It is precisely infinitely deep in the sense that the thrust required to escape from near the horizon goes to infinity as you approach the horizon. This 'escape thrust' requirement is the exact equivalent of g force on a neutron star, extrapolated to the limit. Inside the horizon, there is no escape at all, and no ability to define a reasonable notion of g force. Note an earlier post, where I described that progress toward the singularity inside the horizon is progress in time, not toward a spatial point. Shoot a bunch of bullets away in all directions, and they will move away from you in all directions (spatially), while all move forward in time towards the singularity.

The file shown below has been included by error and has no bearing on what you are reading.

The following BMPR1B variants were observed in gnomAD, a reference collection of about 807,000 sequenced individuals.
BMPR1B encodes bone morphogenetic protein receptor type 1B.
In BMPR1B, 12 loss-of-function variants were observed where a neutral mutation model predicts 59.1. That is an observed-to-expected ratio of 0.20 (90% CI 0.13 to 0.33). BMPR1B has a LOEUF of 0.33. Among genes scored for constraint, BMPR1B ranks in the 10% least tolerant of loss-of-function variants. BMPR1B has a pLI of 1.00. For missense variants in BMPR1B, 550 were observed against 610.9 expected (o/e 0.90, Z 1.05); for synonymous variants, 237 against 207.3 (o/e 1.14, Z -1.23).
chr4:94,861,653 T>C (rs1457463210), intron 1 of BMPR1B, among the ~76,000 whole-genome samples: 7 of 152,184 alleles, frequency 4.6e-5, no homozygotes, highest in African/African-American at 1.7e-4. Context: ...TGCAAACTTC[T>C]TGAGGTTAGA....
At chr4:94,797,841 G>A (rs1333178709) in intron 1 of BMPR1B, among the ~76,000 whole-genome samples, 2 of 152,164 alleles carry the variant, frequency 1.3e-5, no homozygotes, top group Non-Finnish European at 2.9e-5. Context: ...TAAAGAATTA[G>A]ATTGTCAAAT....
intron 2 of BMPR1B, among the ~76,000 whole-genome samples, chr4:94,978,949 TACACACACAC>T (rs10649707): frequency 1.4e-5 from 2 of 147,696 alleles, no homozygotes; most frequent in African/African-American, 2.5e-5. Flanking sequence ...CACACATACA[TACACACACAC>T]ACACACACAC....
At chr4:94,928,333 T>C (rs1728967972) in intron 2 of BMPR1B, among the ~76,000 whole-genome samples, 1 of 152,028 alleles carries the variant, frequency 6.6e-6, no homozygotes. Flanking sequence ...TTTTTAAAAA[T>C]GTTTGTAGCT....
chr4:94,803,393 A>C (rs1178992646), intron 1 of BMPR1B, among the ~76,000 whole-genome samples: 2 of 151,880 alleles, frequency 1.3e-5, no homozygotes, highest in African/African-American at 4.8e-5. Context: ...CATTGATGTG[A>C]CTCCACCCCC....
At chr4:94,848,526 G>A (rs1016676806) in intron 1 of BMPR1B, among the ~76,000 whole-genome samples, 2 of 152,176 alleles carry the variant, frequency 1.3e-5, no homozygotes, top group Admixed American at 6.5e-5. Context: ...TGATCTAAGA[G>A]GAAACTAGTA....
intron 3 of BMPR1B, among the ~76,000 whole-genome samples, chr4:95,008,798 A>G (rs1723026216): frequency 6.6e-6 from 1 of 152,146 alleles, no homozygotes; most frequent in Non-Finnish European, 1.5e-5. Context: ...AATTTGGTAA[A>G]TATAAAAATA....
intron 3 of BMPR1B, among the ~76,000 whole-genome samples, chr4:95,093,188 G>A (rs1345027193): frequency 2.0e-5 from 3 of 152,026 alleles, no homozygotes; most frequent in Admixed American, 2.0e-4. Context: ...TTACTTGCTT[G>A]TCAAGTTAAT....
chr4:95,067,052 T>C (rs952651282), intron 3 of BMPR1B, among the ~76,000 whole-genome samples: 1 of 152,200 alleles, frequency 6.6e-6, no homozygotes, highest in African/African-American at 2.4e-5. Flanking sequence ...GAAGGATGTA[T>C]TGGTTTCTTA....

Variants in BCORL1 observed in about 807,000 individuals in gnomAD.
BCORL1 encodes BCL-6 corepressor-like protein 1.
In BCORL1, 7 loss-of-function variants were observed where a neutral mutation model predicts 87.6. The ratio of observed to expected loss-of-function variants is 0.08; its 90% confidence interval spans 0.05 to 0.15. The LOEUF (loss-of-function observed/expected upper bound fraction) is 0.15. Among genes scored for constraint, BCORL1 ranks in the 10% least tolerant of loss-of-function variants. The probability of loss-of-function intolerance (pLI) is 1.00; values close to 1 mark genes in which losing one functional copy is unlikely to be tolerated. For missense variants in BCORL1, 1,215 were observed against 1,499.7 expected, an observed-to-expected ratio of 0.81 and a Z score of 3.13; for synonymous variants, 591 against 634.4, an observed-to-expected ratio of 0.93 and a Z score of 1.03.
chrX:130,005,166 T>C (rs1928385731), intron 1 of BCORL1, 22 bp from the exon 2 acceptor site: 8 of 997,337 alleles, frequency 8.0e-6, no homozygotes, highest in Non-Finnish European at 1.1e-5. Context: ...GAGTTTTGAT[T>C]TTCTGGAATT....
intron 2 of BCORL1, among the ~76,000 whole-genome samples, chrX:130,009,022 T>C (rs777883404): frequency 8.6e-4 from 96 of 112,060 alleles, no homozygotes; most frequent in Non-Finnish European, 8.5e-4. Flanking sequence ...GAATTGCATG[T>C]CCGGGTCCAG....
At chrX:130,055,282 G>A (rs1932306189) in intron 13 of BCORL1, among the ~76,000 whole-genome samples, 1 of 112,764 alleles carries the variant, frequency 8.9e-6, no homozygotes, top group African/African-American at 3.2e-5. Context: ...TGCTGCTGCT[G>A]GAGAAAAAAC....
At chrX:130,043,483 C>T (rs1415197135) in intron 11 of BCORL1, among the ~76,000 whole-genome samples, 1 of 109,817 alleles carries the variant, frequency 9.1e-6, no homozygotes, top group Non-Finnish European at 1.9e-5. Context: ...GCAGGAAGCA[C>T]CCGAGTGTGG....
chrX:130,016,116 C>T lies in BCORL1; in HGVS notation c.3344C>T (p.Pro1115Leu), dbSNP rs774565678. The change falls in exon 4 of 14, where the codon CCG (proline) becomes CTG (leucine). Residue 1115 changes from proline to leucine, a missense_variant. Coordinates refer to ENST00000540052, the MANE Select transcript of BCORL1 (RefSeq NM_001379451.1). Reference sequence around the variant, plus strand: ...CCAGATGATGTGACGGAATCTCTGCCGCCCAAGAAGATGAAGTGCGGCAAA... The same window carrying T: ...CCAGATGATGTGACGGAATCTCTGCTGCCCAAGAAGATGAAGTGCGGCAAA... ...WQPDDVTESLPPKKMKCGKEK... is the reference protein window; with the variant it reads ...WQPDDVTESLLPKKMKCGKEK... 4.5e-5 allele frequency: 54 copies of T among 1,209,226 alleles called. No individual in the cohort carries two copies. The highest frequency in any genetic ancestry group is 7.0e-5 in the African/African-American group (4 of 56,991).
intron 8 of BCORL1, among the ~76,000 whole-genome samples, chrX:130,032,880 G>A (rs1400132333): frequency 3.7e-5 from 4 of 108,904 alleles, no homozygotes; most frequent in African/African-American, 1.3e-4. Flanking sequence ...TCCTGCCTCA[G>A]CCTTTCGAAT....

Physics
PF Gold
P: 6,242
 Quote by pawprint Others have spoken of infalling observers and I agree with them unconditionally. I also agree with eveything you said about them in your last post. But I have not mentioned them in this thread.
Yes, you have, though you may not have realized it. You talked about observers approaching the singularity. Such observers *have* to be infalling; there are no timelike (or null) worldlines inside the horizon that do not move continuously inwards towards the singularity.

 Quote by pawprint As for the "instantaneous link" it will be a sad day for physics when thought experiments are disallowed.
I wasn't disallowing your thought experiment; I was pointing out that it was incompletely specified, and saying what a proper specification would have to look like.